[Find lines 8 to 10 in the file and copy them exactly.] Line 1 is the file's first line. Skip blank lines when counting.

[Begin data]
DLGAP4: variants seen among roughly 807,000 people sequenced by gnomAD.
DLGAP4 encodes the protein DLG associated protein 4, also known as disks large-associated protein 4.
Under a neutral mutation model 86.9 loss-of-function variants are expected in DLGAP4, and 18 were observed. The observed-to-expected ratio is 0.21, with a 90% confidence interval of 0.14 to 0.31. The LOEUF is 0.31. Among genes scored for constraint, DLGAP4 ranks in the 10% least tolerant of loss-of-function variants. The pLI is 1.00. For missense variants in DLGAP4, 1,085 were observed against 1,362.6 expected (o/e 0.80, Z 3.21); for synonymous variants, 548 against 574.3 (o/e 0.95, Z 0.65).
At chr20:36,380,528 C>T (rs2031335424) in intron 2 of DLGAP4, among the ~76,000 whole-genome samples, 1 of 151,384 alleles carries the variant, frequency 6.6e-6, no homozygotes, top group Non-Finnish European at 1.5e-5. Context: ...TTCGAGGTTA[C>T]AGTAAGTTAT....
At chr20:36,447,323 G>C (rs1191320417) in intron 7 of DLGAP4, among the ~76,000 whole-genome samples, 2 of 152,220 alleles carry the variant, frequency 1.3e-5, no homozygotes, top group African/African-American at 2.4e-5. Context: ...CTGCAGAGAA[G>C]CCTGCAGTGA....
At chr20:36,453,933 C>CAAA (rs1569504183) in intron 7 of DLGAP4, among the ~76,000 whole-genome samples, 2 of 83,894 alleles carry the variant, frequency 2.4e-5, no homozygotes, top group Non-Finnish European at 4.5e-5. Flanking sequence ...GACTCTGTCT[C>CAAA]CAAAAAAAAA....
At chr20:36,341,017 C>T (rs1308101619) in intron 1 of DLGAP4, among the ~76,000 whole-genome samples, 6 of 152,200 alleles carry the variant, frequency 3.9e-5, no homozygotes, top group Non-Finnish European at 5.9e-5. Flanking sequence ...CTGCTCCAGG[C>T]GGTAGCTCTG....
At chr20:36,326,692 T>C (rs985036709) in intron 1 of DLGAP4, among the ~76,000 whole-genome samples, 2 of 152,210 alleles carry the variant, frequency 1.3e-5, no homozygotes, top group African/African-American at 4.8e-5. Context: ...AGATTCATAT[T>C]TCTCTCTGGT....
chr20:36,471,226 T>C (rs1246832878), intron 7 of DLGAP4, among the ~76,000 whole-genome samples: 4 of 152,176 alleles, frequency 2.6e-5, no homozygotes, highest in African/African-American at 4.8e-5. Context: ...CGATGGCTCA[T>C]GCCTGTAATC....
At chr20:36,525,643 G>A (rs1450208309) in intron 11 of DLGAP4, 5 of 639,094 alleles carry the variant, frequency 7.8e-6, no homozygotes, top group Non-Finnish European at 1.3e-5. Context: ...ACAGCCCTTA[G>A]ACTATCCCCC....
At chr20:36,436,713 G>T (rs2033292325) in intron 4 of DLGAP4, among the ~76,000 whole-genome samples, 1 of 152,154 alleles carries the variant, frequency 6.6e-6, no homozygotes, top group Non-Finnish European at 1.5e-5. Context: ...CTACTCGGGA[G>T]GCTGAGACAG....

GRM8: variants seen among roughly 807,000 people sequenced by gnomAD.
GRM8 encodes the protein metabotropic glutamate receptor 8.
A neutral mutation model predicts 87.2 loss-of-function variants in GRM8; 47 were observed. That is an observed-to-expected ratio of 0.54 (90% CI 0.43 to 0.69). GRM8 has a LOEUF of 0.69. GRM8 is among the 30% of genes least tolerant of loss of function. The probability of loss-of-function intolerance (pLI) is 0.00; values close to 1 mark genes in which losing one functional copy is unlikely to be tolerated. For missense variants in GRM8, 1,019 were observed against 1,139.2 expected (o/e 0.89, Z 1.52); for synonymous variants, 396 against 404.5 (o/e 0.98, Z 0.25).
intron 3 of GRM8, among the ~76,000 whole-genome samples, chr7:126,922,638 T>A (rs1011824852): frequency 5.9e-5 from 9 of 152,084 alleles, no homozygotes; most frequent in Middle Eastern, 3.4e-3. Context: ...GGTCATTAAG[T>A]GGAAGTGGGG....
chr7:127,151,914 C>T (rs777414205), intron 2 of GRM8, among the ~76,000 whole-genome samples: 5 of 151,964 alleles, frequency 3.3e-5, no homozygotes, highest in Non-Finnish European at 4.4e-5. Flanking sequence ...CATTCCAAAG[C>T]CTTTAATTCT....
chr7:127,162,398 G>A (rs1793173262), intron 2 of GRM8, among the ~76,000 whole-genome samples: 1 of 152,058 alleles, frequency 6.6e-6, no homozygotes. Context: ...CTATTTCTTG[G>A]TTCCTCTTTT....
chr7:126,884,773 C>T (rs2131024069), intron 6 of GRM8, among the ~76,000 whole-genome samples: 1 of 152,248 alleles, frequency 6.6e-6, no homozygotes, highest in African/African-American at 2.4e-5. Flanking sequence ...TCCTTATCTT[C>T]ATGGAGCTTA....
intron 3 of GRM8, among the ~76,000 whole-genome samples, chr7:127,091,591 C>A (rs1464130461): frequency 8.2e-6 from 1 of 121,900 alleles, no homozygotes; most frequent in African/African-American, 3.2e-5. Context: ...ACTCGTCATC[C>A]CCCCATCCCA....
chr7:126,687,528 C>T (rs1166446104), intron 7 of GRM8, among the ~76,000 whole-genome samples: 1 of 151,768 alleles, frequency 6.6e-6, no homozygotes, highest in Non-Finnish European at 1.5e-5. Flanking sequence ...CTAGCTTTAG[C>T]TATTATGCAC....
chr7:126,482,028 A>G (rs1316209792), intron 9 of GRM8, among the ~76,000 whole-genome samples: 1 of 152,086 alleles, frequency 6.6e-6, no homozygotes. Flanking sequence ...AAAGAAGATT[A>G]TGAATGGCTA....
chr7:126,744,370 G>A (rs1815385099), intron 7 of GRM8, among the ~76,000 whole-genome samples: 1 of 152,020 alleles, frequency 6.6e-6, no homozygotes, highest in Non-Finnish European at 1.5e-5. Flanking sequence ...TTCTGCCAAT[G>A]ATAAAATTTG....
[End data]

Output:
At chr20:36,326,692 T>C (rs985036709) in intron 1 of DLGAP4, among the ~76,000 whole-genome samples, 2 of 152,210 alleles carry the variant, frequency 1.3e-5, no homozygotes, top group African/African-American at 4.8e-5. Context: ...AGATTCATAT[T>C]TCTCTCTGGT....
chr20:36,471,226 T>C (rs1246832878), intron 7 of DLGAP4, among the ~76,000 whole-genome samples: 4 of 152,176 alleles, frequency 2.6e-5, no homozygotes, highest in African/African-American at 4.8e-5. Context: ...CGATGGCTCA[T>C]GCCTGTAATC....
At chr20:36,525,643 G>A (rs1450208309) in intron 11 of DLGAP4, 5 of 639,094 alleles carry the variant, frequency 7.8e-6, no homozygotes, top group Non-Finnish European at 1.3e-5. Context: ...ACAGCCCTTA[G>A]ACTATCCCCC....